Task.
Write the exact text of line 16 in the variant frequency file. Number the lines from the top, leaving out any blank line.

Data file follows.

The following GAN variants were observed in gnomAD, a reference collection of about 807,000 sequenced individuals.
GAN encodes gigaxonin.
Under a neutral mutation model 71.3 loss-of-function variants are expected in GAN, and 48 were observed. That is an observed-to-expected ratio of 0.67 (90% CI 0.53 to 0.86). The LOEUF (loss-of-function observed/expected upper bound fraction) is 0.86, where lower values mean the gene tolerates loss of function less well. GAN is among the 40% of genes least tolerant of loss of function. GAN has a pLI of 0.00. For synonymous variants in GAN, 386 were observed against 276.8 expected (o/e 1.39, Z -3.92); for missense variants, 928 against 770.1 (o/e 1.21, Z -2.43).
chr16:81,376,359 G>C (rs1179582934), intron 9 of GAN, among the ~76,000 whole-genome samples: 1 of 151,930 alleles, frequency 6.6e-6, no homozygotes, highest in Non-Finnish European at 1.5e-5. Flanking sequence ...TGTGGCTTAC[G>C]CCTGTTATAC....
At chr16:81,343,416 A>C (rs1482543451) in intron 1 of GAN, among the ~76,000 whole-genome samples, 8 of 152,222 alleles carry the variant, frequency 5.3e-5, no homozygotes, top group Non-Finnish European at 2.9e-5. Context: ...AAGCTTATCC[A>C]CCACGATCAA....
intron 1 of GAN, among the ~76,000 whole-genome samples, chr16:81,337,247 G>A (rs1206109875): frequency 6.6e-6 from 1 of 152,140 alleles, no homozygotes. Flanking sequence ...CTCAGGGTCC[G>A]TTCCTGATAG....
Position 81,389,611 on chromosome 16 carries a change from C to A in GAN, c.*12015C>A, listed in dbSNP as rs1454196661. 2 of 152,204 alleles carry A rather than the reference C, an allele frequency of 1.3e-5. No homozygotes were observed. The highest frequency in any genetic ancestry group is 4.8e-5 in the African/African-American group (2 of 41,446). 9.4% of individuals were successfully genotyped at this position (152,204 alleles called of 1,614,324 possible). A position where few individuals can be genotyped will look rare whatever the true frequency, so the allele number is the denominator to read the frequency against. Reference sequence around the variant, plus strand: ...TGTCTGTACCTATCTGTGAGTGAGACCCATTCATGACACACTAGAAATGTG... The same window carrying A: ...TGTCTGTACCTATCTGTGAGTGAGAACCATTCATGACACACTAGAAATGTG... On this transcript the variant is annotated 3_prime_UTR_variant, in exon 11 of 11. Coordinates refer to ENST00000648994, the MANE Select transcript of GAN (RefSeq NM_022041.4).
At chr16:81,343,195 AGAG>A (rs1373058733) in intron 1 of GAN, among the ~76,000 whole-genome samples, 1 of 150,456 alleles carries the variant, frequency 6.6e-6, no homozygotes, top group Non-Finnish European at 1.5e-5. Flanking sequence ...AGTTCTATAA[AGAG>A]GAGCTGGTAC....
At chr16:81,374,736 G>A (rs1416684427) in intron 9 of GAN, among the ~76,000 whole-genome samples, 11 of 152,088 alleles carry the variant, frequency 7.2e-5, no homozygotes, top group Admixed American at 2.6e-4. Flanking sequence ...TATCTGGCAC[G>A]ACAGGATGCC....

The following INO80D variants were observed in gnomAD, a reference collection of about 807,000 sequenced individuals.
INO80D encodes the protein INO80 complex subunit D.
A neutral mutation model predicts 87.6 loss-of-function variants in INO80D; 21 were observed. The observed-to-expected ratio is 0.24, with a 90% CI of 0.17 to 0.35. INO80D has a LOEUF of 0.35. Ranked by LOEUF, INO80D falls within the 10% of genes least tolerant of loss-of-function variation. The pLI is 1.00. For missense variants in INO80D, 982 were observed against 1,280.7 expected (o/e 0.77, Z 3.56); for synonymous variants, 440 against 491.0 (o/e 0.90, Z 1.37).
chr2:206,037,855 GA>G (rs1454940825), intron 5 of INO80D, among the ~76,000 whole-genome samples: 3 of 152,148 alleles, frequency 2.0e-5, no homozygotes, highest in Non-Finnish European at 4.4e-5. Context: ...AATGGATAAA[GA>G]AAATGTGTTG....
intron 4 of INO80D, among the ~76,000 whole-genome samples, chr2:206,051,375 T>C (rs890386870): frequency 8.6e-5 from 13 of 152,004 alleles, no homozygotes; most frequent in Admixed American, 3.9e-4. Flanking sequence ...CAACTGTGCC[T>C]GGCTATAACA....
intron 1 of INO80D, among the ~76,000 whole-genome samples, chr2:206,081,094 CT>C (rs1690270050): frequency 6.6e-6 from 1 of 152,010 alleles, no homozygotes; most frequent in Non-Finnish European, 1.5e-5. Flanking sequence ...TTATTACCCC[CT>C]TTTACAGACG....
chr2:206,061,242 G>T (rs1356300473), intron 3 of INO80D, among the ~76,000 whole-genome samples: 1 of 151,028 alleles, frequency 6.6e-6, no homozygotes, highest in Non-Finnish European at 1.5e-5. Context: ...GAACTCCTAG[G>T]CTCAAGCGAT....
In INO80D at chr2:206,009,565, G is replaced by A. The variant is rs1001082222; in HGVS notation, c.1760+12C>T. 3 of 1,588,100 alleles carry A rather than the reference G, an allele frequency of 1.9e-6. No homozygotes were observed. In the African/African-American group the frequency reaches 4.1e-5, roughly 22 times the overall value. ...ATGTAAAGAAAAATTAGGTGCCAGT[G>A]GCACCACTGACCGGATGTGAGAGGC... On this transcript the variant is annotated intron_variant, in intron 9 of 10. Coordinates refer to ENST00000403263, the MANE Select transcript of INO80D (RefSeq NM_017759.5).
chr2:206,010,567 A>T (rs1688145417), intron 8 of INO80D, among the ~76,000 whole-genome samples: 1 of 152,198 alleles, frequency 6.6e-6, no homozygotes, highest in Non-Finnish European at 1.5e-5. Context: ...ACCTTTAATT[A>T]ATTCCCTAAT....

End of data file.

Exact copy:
chr2:206,061,242 G>T (rs1356300473), intron 3 of INO80D, among the ~76,000 whole-genome samples: 1 of 151,028 alleles, frequency 6.6e-6, no homozygotes, highest in Non-Finnish European at 1.5e-5. Context: ...GAACTCCTAG[G>T]CTCAAGCGAT....